He directed security forces to be more aggressive against the militants and decreed they would be tried by military courts.

But he stopped short of calling the culprits “terrorists,” thus avoiding a politically dangerous clash with the settler bloc by equating the militants’ actions with stone-throwing Palestinian “terrorists.”

Indeed, the commotion, and the customary condemnations, underlines just how powerless the authorities are when it comes to Jewish terrorism and how success administrations have failed to rein them in.

Even the right-leaning Jerusalem Post was incensed by the attack on the army.

“What needs to be understood is that these settlers and far-right activists largely do not fear the police or the courts,” the Post’s military affairs correspondent Yaakov Katz, wrote.

“Past experience has shown that punishments tend to be minor and that’s in the rare instance where the case actually makes it court.”

Palestinians living in the West Bank, who have been under military occupation since 1967, are routinely tried by military courts where defendants’ rights are minimal.

Haaretz, which has long spoken out against Jewish terrorism and settler militancy, cited military documents indicating that in 2010 99.74 percent of Palestinians who appeared before military courts were convicted.

That’s 25 acquittals out of 9,542 cases.

Despite the government’s pledge to crack down of right-wing extremists it has in recent weeks approved settlement expansions in the West Bank and, more controversially, in Arab East Jerusalem where the Israelis have been systematically forcing out the Palestinian population for years.

Source: United Press International (UPI).

Clashes smear University of Jordan Student Union Elections


By Alaa Elayyan

AMMONNEWS – Clashes erupted throughout the day on Thursday at the University of Jordan (UJ) as students cast their ballots in the Student Union elections.

Security forces intensified their presence around the campus as several brawls erupted in various faculties, including the humanities, medicine, sciences, and engineering departments.

Two students were injured in the clashes and were transferred to the University of Jordan hospital for treatment.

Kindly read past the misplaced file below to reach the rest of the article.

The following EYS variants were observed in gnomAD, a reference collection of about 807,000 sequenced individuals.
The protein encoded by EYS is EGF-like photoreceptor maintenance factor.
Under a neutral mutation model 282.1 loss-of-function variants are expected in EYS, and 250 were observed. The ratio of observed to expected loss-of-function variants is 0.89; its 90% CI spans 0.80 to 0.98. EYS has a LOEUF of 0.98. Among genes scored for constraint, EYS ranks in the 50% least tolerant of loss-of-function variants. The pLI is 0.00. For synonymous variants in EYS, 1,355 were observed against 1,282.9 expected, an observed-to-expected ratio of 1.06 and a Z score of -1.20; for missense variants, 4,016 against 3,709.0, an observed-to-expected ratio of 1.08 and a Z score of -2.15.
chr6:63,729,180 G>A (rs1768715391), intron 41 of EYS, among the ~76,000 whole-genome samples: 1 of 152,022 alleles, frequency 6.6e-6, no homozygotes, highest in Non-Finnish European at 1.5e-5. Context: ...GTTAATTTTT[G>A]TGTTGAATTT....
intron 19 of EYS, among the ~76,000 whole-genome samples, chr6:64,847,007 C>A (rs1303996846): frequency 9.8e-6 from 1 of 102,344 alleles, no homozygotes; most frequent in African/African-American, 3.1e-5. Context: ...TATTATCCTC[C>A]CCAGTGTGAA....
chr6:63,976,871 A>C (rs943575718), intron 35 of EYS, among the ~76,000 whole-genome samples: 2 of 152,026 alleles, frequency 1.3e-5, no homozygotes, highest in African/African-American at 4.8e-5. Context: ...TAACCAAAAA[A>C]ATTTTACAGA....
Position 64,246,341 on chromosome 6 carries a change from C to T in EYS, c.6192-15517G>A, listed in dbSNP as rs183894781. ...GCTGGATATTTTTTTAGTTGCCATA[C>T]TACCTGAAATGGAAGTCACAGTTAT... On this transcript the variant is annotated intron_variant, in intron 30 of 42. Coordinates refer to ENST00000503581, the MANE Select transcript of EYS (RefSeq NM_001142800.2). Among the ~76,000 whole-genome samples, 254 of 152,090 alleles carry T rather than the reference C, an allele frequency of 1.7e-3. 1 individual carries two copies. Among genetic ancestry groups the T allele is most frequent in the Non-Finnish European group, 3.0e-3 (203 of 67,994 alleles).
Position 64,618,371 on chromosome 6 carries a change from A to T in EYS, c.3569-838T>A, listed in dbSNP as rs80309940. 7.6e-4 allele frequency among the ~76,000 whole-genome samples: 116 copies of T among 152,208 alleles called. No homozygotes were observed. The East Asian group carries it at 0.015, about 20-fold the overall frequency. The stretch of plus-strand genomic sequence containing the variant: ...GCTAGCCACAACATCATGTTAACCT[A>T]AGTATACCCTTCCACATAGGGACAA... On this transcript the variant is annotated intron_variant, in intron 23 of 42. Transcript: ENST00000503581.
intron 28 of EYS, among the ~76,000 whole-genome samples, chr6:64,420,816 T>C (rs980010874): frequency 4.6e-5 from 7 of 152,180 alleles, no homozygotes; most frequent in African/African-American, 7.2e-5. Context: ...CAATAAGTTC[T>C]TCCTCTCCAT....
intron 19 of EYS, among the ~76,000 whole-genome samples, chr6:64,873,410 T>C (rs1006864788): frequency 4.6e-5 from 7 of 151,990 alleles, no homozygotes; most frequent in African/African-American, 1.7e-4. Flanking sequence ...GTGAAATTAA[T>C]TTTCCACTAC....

University security guards worked to contain the various fights that erupted, as Public Security Directorate (PSD) personnel remained outside the campus near the main gates.

Meanwhile, Dean of the Humanities Department Dr. Abdullah Anbar announced on Thursday morning postponing the English Department elections until next week after clashes erupted there when students supporting one candidate prevented other students from casting their ballots.

Angry students stormed into the university’s President’s building after the department’s elections were postponed, leading UJ’s vice-president to meet with them to contain the incident.

UJ President Adel Tweisi told Ammon News on Thursday that head of the elections’ committee in the humanities department worked to contain the incident after young men covering their faces with scarfs and masks prevented female students from voting.

Students also vandalized university property in the Business Department and blocked the entrances to the engineering department.

Source: Ammon News.

Report: Hamas agrees to join PLO

Thursday 22/12/2011

CAIRO (Ma’an) — Hamas has agreed to join the Palestine Liberation Organization in a move intended to bolster Palestinian reconciliation, The Associated Press reported Thursday.

There was no immediate confirmation, but officials in Cairo said Hamas and Islamic Jihad expressed flexibility and indicated they would accept the PLO’s legitimacy.

The report came after President Mahmoud Abbas met Hamas leader Khaled Mashaal in Cairo to put “final touches” on an agreement to reconcile the leaders’ rival factions.

Officials from Islamic Jihad and the Palestinian National Initiative said late Thursday that they had accepted positions on an “interim leadership” of the PLO.

Ayed Yaghi, a PNI leader, said the small faction joined the PLO and that it was a natural position to take.

Head of the PNI Mustafa Barghouthi called it “a historic day in the lives of the Palestinian people with the development of a united national leadership as Hamas, Islamic Jihad and the PNI joined the PLO’s leadership framework.”

An Islamic Jihad leader, however, said that joining the “interim leadership framework” of the PLO did not necessarily mean it had formally accepted membership in the Palestinian body.

Khaled Al-Batsh told Ma’an that joining the organization requires a clear framework for how the PLO will be restructured.

He added that if there was an agreement concerning these issues, Islamic Jihad would become a member in the organization. However, if there was not, the group said it was still willing to contribute.

“We’re now in the phase of national dialogue,” he said. “We’re in the interim leadership framework, which will handle restructuring the PLO, and we hope to succeed.”

Source: Ma’an News Agency.

Syrian Sanctions Pose New Threat to Jordan’s Economy

Abdullah Omar
Tuesday, December 20, 2011

DEIR-ALLA, Jordan – In the lush orchards of Abu Emad in this Jordan Valley town, lemons and oranges glisten in the sun as the day of picking draws near. The valley’s year-round mild climate, fertile soils and relatively ample water supply have made it a winter garden of cucumbers, tomatoes and other produce destined for Europe, where they are unavailable from local growers during the winter.